Weaning Babies Early Not Linked to Celiac Disease
Why do some people develop Celiac disease and some don't? Anyone who knows the definitive answer to this question has the potential to win a Nobel Prize for medicine.
Why? Celiac disease impacts the lives of about 1 in every 100 people around the world. And if you or someone you know suffers from this condition, consuming even a small amount of gluten can have devastating effects such as severe abdominal pain, digestive issues, and a higher risk for certain types of cancer.
When you have Celiac disease and consume gluten, it triggers an autoimmune response that wreaks havoc on the small intestine. But what causes it? Researchers don't have all the answers. But for years, people have speculated that weaning an infant off of breastfeeding too early raises the risk for that child to develop Celiac disease. And that assumption has finally been proven false.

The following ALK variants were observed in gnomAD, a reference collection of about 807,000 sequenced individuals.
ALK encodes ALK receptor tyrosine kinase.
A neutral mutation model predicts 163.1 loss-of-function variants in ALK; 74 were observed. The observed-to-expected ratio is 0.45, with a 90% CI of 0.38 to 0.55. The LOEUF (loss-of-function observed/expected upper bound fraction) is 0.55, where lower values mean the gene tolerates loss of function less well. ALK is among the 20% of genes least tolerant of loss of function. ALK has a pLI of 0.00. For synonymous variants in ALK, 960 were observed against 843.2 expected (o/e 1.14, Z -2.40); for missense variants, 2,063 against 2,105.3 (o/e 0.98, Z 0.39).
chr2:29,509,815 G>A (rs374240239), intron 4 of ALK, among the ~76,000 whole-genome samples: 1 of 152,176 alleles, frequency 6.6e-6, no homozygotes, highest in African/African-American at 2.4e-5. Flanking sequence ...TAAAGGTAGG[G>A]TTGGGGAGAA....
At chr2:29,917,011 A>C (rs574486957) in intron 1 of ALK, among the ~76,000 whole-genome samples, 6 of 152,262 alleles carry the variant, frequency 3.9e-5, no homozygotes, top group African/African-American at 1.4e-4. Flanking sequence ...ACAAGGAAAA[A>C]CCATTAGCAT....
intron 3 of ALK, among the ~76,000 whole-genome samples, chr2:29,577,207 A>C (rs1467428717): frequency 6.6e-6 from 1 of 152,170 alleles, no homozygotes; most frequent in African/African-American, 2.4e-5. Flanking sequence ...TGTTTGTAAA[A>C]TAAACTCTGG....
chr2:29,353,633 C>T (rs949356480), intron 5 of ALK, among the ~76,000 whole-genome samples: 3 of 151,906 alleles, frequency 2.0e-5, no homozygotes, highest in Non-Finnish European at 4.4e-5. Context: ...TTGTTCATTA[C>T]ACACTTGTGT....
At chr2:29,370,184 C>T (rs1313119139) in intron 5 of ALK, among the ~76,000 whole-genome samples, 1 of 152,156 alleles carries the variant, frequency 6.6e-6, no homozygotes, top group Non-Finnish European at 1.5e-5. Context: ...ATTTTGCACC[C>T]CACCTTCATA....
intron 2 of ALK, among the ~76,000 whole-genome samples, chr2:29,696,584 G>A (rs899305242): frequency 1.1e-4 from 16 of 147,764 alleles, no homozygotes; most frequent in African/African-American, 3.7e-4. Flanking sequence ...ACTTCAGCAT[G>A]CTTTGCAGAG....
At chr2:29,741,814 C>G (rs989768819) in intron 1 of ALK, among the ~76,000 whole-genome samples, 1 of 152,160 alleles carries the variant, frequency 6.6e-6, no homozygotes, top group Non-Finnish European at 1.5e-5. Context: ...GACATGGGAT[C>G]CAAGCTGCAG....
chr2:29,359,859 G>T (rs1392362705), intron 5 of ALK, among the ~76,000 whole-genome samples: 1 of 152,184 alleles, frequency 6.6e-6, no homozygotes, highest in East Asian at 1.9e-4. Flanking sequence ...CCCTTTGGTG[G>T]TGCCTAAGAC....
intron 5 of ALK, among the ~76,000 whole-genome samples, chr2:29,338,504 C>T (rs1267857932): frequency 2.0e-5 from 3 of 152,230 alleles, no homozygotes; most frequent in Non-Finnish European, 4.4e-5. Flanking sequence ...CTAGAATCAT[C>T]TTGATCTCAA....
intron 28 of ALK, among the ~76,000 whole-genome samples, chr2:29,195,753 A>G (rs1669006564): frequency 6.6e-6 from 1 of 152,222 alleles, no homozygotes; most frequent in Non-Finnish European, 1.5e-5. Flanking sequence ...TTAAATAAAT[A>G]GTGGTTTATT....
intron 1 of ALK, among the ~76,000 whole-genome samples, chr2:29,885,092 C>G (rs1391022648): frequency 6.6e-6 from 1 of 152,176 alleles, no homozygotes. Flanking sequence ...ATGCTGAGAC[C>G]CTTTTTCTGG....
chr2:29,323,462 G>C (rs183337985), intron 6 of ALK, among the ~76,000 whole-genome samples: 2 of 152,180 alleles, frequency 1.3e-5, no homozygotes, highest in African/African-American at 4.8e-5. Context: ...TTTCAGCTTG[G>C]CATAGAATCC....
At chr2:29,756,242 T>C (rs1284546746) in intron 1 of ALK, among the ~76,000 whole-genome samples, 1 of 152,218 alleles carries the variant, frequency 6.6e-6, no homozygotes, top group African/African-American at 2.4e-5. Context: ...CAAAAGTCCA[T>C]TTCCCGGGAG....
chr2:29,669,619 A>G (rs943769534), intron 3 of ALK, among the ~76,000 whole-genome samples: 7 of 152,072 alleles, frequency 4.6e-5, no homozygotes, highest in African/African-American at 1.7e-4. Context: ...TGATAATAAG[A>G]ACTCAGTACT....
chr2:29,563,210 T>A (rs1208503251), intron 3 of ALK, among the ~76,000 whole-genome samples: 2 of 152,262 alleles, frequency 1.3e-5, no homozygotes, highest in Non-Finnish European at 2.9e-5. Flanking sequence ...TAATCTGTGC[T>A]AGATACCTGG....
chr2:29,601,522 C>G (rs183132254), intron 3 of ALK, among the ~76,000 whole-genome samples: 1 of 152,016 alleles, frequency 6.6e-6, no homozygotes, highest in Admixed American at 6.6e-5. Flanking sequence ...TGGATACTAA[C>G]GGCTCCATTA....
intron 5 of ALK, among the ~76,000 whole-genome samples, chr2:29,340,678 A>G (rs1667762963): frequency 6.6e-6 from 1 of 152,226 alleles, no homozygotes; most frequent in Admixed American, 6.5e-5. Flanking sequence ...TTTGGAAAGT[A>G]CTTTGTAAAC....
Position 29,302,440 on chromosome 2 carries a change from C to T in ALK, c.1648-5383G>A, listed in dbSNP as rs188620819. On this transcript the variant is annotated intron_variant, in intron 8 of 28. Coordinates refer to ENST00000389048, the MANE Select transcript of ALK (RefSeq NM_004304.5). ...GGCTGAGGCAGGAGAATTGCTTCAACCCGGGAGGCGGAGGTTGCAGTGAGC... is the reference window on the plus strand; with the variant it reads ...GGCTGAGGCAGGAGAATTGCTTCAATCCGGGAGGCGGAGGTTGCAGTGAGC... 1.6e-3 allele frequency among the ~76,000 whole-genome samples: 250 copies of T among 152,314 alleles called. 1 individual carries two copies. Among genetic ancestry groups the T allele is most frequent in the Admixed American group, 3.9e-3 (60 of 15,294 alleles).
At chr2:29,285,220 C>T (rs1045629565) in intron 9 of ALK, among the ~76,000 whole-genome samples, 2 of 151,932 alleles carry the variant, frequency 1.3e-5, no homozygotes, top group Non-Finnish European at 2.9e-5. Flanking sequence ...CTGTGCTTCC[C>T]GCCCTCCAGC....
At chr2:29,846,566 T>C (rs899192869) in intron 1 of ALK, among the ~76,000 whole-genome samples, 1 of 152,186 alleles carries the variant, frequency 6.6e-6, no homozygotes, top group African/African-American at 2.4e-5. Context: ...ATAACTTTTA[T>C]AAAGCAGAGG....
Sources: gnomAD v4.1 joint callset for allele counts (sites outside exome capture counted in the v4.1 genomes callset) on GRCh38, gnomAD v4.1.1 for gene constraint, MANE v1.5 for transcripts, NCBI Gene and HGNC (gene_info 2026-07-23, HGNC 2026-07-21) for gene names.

In a Swedish study, researchers followed 8,700 children in four countries. They monitored the length of time children were breastfed, and tracked cases of diagnosed Celiac disease. They found that ending breastfeeding early isn't a risk factor for developing the disease. Instead, they found that the more gluten an infant consumed (5 grams or more) between 9 months and 12 months, the more likely they were to develop Celiac disease.
If you have Celiac disease, or someone in your family does, it's imperative to follow a gluten-free diet. And that's not easy to do when you get down to reading the fine print on food labels. Foods made with barley, wheat, and rye contain gluten, and are usually easy to spot in the form of bread, pasta, and cereals. But even foods like chocolate, pickles, sushi, soy sauce, processed meats, ice creams, and even licorice can contain gluten.
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